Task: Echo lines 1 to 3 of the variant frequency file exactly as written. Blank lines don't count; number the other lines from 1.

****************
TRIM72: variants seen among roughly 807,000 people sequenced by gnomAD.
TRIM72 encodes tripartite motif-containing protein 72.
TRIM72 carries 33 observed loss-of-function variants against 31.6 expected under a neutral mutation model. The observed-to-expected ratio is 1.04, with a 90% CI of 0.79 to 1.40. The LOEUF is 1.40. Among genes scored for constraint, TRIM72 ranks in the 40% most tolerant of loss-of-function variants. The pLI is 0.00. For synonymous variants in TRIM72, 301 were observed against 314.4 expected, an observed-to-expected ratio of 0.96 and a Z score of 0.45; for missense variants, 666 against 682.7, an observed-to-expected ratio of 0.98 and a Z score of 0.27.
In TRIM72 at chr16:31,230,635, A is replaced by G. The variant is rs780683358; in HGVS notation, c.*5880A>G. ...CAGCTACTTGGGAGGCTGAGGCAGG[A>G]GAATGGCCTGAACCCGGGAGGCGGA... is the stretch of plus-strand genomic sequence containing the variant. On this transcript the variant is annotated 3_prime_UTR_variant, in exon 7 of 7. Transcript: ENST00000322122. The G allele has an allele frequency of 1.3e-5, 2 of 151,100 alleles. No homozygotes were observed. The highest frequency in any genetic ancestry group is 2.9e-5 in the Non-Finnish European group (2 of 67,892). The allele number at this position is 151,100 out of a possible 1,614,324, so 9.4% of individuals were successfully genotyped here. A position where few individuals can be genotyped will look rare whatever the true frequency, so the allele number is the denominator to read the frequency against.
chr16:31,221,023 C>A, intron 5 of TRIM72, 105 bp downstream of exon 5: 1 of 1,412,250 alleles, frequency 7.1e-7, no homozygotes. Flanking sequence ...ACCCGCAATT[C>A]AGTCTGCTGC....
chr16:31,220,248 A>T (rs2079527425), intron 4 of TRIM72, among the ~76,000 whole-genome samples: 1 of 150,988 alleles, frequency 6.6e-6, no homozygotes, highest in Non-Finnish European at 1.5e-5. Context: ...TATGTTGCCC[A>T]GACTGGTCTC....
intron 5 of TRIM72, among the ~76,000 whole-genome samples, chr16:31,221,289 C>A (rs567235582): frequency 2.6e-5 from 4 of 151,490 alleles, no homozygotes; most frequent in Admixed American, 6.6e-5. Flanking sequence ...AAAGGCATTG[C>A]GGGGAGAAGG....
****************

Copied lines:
TRIM72: variants seen among roughly 807,000 people sequenced by gnomAD.
TRIM72 encodes tripartite motif-containing protein 72.
TRIM72 carries 33 observed loss-of-function variants against 31.6 expected under a neutral mutation model. The observed-to-expected ratio is 1.04, with a 90% CI of 0.79 to 1.40. The LOEUF is 1.40. Among genes scored for constraint, TRIM72 ranks in the 40% most tolerant of loss-of-function variants. The pLI is 0.00. For synonymous variants in TRIM72, 301 were observed against 314.4 expected, an observed-to-expected ratio of 0.96 and a Z score of 0.45; for missense variants, 666 against 682.7, an observed-to-expected ratio of 0.98 and a Z score of 0.27.